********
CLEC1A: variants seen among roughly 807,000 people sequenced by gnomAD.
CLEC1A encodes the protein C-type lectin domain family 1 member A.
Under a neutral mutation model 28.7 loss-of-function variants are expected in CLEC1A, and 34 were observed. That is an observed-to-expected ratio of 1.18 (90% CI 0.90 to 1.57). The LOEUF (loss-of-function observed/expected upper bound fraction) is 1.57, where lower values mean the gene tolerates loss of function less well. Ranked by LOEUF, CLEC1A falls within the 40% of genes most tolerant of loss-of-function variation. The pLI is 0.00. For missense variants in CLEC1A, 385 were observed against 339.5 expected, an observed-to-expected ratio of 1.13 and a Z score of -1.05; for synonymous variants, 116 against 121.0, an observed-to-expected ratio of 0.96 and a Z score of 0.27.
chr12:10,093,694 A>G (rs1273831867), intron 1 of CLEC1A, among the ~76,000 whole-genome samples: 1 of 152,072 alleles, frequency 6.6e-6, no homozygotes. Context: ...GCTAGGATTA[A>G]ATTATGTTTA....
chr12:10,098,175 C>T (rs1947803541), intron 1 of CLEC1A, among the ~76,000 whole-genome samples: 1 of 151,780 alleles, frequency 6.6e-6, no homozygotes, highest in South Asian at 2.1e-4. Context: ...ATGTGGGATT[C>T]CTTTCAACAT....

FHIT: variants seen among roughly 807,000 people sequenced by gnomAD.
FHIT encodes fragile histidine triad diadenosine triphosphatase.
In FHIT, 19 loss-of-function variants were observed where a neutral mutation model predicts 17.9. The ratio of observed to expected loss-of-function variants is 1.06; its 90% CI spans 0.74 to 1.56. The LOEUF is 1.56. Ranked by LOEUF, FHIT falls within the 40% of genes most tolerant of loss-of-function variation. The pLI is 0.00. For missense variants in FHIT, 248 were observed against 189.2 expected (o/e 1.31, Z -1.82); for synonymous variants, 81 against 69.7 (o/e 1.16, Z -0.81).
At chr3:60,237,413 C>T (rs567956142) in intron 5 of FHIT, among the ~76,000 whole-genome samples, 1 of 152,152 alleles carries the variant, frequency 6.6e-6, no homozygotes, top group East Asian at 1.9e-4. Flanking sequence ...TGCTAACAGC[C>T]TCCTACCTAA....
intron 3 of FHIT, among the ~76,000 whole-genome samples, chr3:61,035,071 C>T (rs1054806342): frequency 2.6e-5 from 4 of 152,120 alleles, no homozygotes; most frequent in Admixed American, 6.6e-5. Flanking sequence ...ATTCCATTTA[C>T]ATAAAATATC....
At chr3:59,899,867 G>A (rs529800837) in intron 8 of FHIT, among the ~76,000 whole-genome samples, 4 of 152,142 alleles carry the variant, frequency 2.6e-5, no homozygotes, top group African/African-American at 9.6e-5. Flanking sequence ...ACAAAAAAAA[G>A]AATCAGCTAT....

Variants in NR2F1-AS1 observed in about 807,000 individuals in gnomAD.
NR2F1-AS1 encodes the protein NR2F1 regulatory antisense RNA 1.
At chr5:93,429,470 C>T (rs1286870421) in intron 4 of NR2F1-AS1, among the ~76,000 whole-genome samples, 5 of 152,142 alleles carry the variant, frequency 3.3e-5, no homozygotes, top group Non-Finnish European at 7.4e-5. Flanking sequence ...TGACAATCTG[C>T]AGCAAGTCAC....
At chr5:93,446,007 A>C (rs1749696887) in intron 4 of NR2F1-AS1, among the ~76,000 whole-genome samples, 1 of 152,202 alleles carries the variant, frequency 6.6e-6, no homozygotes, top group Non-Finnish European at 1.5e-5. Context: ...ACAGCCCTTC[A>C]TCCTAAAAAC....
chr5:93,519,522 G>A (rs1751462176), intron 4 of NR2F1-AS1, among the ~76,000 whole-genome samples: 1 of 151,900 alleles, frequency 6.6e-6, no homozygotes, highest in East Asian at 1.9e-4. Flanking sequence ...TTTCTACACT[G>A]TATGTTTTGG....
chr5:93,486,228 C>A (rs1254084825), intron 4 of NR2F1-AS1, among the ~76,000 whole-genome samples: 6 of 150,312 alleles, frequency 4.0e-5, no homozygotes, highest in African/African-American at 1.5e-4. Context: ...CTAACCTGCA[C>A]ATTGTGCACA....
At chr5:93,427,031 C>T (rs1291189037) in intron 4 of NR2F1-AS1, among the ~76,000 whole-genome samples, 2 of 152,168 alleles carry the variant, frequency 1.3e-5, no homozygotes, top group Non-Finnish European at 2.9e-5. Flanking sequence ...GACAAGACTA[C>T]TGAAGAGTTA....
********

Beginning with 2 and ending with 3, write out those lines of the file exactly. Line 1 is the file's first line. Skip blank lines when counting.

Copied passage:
CLEC1A encodes the protein C-type lectin domain family 1 member A.
Under a neutral mutation model 28.7 loss-of-function variants are expected in CLEC1A, and 34 were observed. That is an observed-to-expected ratio of 1.18 (90% CI 0.90 to 1.57). The LOEUF (loss-of-function observed/expected upper bound fraction) is 1.57, where lower values mean the gene tolerates loss of function less well. Ranked by LOEUF, CLEC1A falls within the 40% of genes most tolerant of loss-of-function variation. The pLI is 0.00. For missense variants in CLEC1A, 385 were observed against 339.5 expected, an observed-to-expected ratio of 1.13 and a Z score of -1.05; for synonymous variants, 116 against 121.0, an observed-to-expected ratio of 0.96 and a Z score of 0.27.